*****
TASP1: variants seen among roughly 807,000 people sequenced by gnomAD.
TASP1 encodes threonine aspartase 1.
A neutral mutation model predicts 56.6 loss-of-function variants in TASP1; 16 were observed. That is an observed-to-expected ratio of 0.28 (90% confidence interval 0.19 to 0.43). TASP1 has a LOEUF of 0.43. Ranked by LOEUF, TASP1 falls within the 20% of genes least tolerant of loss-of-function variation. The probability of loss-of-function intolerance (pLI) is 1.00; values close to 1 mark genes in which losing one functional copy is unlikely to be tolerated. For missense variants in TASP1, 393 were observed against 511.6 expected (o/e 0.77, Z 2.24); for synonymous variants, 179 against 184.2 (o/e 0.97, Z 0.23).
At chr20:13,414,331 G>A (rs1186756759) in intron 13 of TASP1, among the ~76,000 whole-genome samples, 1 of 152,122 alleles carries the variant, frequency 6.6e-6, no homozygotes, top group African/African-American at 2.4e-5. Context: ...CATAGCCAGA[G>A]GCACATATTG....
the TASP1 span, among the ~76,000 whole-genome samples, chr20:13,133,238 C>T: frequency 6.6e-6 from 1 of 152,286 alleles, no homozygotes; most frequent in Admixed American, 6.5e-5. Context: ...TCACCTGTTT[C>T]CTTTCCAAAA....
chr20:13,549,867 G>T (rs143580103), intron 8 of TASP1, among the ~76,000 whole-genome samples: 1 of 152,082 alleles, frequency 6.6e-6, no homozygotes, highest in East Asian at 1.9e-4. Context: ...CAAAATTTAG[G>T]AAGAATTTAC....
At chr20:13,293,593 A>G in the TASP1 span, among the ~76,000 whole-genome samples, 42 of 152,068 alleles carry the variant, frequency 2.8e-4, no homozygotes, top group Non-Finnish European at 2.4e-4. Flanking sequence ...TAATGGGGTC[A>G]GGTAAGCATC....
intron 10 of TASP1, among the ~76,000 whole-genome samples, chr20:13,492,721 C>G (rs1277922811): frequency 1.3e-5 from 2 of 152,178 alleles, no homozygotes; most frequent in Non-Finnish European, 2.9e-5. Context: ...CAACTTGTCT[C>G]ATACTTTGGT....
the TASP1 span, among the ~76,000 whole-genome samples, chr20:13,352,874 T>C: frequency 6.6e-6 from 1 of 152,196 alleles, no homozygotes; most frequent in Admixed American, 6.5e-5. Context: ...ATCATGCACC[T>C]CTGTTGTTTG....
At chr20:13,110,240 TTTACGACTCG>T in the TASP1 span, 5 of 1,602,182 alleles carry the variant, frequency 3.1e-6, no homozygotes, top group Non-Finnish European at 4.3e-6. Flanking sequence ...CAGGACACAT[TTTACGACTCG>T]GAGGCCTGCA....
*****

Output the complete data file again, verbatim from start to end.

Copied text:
TASP1: variants seen among roughly 807,000 people sequenced by gnomAD.
TASP1 encodes threonine aspartase 1.
A neutral mutation model predicts 56.6 loss-of-function variants in TASP1; 16 were observed. That is an observed-to-expected ratio of 0.28 (90% confidence interval 0.19 to 0.43). TASP1 has a LOEUF of 0.43. Ranked by LOEUF, TASP1 falls within the 20% of genes least tolerant of loss-of-function variation. The probability of loss-of-function intolerance (pLI) is 1.00; values close to 1 mark genes in which losing one functional copy is unlikely to be tolerated. For missense variants in TASP1, 393 were observed against 511.6 expected (o/e 0.77, Z 2.24); for synonymous variants, 179 against 184.2 (o/e 0.97, Z 0.23).
At chr20:13,414,331 G>A (rs1186756759) in intron 13 of TASP1, among the ~76,000 whole-genome samples, 1 of 152,122 alleles carries the variant, frequency 6.6e-6, no homozygotes, top group African/African-American at 2.4e-5. Context: ...CATAGCCAGA[G>A]GCACATATTG....
the TASP1 span, among the ~76,000 whole-genome samples, chr20:13,133,238 C>T: frequency 6.6e-6 from 1 of 152,286 alleles, no homozygotes; most frequent in Admixed American, 6.5e-5. Context: ...TCACCTGTTT[C>T]CTTTCCAAAA....
chr20:13,549,867 G>T (rs143580103), intron 8 of TASP1, among the ~76,000 whole-genome samples: 1 of 152,082 alleles, frequency 6.6e-6, no homozygotes, highest in East Asian at 1.9e-4. Context: ...CAAAATTTAG[G>T]AAGAATTTAC....
At chr20:13,293,593 A>G in the TASP1 span, among the ~76,000 whole-genome samples, 42 of 152,068 alleles carry the variant, frequency 2.8e-4, no homozygotes, top group Non-Finnish European at 2.4e-4. Flanking sequence ...TAATGGGGTC[A>G]GGTAAGCATC....
intron 10 of TASP1, among the ~76,000 whole-genome samples, chr20:13,492,721 C>G (rs1277922811): frequency 1.3e-5 from 2 of 152,178 alleles, no homozygotes; most frequent in Non-Finnish European, 2.9e-5. Context: ...CAACTTGTCT[C>G]ATACTTTGGT....
the TASP1 span, among the ~76,000 whole-genome samples, chr20:13,352,874 T>C: frequency 6.6e-6 from 1 of 152,196 alleles, no homozygotes; most frequent in Admixed American, 6.5e-5. Context: ...ATCATGCACC[T>C]CTGTTGTTTG....
At chr20:13,110,240 TTTACGACTCG>T in the TASP1 span, 5 of 1,602,182 alleles carry the variant, frequency 3.1e-6, no homozygotes, top group Non-Finnish European at 4.3e-6. Flanking sequence ...CAGGACACAT[TTTACGACTCG>T]GAGGCCTGCA....